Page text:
With the cost of oil expected to hold above $100 per barrel, and the president ordering the release of 1 million barrels of oil per day from the Strategic Petroleum Reserve– the largest known emergency supply in the world- in a bid to bolster supply, one might think that Big Oil is working to increase production. They’re not- and they have been reducing capital expenditures for years.
So why is Big Oil shrinking?
First, some context- the price of oil is notoriously volatile, while exploration, production and refining costs are very capital intensive. We are all feeling the effects of the surge in oil and gas prices since 2021, though it was barely two years ago (April 20, 2020) that the benchmark for U.S. crude oil prices absorbed the worst one day drop on record, and settled at negative $37.63 per barrel. The unprecedented drop was due to a pandemic-related collapse in demand, a resulting surge in supply, along with a Russia-Saudi oil-price war.
Fast forward, and oil peaked to an intra-day high of $130.50 on March 7th of this year, gas prices have skyrocketed across the country, and increased investor pressure has forced publicly traded oil companies to be cautious about investing in increased production. Although spending for renewables is rising, Big Oil capital spending in oil and gas has been in decline for years. Private companies operated 49% of the 1,106 active oil-rigs in the U.S. at the start of 2019, compared with operating 62% of the 734 active rigs today. This phenomena is also happening in Europe, where European Big Oil companies are planning to spend their windfall from high energy prices on becoming Small Oil.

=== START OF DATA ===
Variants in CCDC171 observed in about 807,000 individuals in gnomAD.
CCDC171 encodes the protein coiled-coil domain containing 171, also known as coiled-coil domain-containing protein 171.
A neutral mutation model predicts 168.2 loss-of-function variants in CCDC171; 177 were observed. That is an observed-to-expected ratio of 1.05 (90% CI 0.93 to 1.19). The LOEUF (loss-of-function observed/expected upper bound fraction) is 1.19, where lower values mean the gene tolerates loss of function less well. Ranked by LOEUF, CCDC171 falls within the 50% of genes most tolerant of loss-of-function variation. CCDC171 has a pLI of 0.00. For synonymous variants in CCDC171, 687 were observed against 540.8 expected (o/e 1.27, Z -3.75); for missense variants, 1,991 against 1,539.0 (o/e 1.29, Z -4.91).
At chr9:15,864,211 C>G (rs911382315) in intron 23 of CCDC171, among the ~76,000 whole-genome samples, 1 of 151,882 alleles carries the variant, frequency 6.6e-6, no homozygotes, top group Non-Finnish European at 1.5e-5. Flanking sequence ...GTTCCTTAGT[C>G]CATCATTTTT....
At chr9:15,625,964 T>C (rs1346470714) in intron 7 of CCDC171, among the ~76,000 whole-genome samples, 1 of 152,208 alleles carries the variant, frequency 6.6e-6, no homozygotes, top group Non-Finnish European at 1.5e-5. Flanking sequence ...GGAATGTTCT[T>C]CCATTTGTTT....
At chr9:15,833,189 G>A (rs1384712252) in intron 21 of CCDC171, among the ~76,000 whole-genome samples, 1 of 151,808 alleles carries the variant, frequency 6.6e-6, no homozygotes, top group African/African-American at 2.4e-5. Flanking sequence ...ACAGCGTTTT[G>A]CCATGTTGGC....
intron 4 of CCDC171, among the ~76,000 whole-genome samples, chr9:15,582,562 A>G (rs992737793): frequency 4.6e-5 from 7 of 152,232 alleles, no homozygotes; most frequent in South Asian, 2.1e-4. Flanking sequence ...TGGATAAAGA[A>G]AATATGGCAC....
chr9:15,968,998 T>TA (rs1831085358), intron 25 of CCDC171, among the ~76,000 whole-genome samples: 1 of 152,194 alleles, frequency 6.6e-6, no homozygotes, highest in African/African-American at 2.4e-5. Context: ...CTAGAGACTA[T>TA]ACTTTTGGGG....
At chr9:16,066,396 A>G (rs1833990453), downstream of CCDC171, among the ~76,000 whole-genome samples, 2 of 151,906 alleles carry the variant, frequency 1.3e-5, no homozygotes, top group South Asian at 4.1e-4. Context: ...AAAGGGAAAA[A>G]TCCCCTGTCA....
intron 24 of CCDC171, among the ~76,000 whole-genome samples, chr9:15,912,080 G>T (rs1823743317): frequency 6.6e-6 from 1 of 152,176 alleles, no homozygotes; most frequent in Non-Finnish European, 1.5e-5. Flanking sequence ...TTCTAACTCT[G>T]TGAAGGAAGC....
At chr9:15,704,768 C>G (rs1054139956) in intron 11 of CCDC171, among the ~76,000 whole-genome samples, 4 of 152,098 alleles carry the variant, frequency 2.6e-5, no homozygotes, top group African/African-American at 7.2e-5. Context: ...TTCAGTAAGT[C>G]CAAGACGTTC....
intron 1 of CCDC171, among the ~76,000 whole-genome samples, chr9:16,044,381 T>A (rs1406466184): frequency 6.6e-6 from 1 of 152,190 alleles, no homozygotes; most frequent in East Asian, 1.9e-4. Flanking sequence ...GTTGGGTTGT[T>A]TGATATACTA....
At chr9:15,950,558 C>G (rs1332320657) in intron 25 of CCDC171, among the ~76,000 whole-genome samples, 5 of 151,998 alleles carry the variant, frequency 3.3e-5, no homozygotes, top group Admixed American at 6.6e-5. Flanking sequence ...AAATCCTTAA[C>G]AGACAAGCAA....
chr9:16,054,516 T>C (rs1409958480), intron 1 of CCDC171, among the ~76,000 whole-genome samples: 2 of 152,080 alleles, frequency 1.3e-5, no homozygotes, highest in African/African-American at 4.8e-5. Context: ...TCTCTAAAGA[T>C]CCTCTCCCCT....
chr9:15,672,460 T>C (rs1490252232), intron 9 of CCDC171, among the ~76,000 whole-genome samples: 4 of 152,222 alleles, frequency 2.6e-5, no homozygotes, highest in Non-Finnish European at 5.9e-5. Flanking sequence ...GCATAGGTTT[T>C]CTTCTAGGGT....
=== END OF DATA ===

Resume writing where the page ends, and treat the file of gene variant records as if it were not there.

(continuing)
Here is a great article profiling the 84 year-old owner of a private oil producer in Texas who, with other ‘Little Guys’, is helping meet the calls to increase domestic production. What are your thoughts on Big Oil and the price of gas?
~ Brian Kasal- The Leadership Matrix
P.S.- Did you see my last Leadership Matrix post- A Better Means of Tax Collection?
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